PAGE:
Nonwoven and woven silk laminate composites

Properties of silk fibers

Many of the properties of silk fibers (as opposed to regenerated silks) also make them potential sustainable alternative reinforcement materials, alongside plant fibers, for engineering (i.e., nonbiomedical) composites. Table 6.2 compares the economic, technical and ecological properties of silks with plant and glass fibers. In general, the primary disadvantages of silks in comparison to plant and glass fibers are: (1) higher cost; (2) lower annual production; (3) higher moisture absorption; (4) lower softening (and therefore processing) temperatures; (5) poor stiffness; and (6) high embodied energy for processed materials (e.g., fabrics). However, they possess (1) lower density (than even plant fibers); (2) natural flame resistance; (3) moderate strength; (4) unparalleled toughness (higher than even Kevlar); and (5) a generally favorable environmental profile of the raw material. Other technical advantages of silks specific to composites applications include (1) their naturally continuous length; and (2) the high compactibility of silk preforms [20]. While the former would translate to a high fiber length distribution factor and therefore reinforcing effect in composites, the latter provides an opportunity to produce high fiber volume fraction natural fiber composites [20].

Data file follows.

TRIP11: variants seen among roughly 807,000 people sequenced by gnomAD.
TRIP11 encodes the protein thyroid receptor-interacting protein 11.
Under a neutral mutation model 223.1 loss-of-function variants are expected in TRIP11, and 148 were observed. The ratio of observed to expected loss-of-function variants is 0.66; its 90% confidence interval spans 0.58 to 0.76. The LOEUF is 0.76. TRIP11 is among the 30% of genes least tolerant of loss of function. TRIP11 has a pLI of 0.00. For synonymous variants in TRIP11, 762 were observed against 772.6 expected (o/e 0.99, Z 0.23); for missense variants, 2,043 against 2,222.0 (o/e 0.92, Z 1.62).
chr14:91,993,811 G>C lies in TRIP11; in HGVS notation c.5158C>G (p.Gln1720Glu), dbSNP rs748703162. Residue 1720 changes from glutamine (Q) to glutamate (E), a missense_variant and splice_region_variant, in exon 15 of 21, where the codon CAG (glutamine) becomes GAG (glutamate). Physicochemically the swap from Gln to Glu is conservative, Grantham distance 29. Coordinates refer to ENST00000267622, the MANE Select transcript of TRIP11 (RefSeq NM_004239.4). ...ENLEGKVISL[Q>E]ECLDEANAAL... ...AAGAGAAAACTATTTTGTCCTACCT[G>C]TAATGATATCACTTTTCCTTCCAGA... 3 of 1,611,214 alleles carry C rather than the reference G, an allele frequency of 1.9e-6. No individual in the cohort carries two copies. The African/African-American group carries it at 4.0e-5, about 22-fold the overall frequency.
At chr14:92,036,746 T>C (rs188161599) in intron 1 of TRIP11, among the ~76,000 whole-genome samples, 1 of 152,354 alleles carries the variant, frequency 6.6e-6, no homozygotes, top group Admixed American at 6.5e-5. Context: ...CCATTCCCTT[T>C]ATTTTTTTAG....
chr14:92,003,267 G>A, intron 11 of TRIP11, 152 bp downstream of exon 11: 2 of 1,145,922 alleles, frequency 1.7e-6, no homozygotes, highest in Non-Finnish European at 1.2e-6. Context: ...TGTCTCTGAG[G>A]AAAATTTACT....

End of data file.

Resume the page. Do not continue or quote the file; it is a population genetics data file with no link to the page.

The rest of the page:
Source
< Prev   CONTENTS   Source   Next >